Helping children make sense of world events and distressing news

2022 has so far presented us with distressing news of major events such as the ongoing Covid pandemic, more recently the war in Ukraine, and closer to home, the floods in NSW and QLD. It is likely that children of all ages have been exposed to news of these events in some way either via seeing them on TV, tuning into adult discussions or hearing things from their peers in the schoolyard. In addition to this, children are now more connected than ever with a 2018 eSafety Commissioner survey finding that the majority of Australian children preschool-age and above have regular access to the internet via iPads, tablets or smartphones.

Having access to the 24-hour news cycle at their fingertips may lead to feelings of confusion or distress in children and young people. Research has also shown that exposure to traumatic events via the media may also have long-term effects on children including increased anxiety, and for some children, symptoms of post-traumatic stress. Children and young people may also be exposed to misinformation or graphic scenes relating to current events via social media apps such as Facebook, Instagram and TikTok.



The Raising Children Network provides some great information around how parents and caregivers can talk to children about distressing news and events. This advice includes:

  1. Making time to talk. Allow your child the time they need to talk to you and give them your full attention.

  2. Acknowledge and find out what your child knows. Ask your child what they already know and if they have any questions.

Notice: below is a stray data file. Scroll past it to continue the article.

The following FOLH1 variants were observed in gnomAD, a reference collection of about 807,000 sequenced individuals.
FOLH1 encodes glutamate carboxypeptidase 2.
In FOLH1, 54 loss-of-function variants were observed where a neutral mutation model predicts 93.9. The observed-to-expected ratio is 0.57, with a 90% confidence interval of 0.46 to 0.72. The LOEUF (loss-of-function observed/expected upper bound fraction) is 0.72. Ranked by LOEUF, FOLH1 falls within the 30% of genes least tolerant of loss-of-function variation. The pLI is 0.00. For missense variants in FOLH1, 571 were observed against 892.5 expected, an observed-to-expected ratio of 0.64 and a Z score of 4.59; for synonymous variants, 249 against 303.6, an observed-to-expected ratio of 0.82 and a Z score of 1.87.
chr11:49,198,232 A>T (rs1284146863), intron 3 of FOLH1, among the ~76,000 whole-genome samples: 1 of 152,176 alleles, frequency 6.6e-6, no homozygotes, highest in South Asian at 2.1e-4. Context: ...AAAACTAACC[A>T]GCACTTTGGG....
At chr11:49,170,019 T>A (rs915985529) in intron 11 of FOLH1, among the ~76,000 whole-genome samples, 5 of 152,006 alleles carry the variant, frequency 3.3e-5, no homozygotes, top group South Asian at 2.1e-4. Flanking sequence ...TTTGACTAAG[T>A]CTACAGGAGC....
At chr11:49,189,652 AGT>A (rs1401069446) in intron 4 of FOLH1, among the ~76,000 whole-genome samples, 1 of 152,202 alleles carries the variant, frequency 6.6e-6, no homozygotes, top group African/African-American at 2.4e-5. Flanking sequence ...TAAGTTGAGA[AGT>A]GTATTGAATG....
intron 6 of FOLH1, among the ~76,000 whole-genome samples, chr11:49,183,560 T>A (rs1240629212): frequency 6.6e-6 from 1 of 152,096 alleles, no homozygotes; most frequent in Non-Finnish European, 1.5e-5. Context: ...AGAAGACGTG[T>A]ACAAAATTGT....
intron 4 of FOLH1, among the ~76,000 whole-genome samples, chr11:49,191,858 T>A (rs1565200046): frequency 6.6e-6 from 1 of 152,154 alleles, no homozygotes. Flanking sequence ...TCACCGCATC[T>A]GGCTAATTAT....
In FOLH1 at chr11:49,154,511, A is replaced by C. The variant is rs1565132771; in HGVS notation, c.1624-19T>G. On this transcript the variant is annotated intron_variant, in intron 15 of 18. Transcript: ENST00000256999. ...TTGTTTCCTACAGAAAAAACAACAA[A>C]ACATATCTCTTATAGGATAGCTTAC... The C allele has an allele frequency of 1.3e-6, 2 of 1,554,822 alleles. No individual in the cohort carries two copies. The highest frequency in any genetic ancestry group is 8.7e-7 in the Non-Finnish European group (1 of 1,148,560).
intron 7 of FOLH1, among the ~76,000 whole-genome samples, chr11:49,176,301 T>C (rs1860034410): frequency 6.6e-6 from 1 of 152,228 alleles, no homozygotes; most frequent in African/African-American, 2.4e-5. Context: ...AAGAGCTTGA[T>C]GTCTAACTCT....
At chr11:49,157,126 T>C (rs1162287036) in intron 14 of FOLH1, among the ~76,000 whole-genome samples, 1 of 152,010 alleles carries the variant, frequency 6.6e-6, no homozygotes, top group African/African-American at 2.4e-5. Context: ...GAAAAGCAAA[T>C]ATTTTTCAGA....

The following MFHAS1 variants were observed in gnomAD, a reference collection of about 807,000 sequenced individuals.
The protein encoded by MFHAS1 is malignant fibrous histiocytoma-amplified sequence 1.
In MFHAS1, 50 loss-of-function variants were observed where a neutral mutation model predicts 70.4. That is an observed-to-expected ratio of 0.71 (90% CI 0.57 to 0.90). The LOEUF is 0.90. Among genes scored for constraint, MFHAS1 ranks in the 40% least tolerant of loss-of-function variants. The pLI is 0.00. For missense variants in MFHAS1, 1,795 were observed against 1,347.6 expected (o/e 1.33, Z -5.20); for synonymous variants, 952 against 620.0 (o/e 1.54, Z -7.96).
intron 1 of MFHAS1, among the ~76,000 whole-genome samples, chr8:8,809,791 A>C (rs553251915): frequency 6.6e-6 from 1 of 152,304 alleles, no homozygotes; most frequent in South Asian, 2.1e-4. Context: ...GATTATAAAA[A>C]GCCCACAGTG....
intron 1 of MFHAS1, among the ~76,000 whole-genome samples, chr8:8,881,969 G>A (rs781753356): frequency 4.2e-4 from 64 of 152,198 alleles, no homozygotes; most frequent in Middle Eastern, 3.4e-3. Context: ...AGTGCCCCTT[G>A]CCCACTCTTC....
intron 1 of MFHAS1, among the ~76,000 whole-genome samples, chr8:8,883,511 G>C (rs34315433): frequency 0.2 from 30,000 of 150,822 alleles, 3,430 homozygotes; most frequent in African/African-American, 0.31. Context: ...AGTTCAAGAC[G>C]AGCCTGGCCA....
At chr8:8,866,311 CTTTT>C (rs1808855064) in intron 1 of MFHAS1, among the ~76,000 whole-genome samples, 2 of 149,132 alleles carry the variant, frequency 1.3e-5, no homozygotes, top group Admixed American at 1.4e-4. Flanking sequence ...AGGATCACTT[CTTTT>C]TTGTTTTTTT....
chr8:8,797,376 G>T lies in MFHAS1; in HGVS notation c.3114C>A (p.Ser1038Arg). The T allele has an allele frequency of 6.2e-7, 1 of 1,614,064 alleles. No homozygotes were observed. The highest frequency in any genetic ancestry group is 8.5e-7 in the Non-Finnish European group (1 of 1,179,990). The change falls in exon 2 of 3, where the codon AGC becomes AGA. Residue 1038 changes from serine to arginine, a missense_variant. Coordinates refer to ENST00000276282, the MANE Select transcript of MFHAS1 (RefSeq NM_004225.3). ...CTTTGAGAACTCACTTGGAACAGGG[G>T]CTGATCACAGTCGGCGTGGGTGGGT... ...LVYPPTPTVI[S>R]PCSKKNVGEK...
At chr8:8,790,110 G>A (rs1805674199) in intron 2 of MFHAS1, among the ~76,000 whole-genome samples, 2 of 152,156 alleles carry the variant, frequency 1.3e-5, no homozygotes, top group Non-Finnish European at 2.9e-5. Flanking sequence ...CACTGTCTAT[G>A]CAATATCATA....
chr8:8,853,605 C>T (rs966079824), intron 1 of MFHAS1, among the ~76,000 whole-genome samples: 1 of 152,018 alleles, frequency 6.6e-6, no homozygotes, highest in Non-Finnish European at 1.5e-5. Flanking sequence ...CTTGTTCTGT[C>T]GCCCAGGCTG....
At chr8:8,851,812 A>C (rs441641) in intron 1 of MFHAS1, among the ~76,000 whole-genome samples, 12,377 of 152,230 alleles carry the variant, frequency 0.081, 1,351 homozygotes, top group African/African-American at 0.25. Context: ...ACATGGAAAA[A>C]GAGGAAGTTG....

3. Explain what has happened. Stick to the facts and try to provide some context. If you need some assistance in explaining the news event to your child, there are some great resources that can assist. For example, the ABC’s Behind the News (BTN) program is an Australian educational news program aimed at 10–13-year-old children which provides age-appropriate access to news and current affairs.

  4. Talk about feelings. Ask your child how they are feeling, acknowledge that it is ok to have these feelings and find out what they might need to feel better.

You can click here to access the full article with additional tips and information.


Talking to children about complex and distressing news events can be tricky; however, ensuring your child knows they can talk to you if they are feeling anxious or concerned will help them understand that you’ll be there to listen when something is worrying them.


Please see below a list of additional resources for parents and caregivers:

  • Save The Children has some additional tips for talking to children about distressing news.

  • Beyond Blue have developed a tip sheet for families that includes changes in your child’s behaviour to be aware of which may indicate that they might be feeling distressed about the news.

  • The Raising Children Network has tip sheets for talking to children of certain ages about distressing news in the media.

For specific advice on how to talk to young children aged 2-5 years click here.

For specific advice on how to talk to teenagers click here.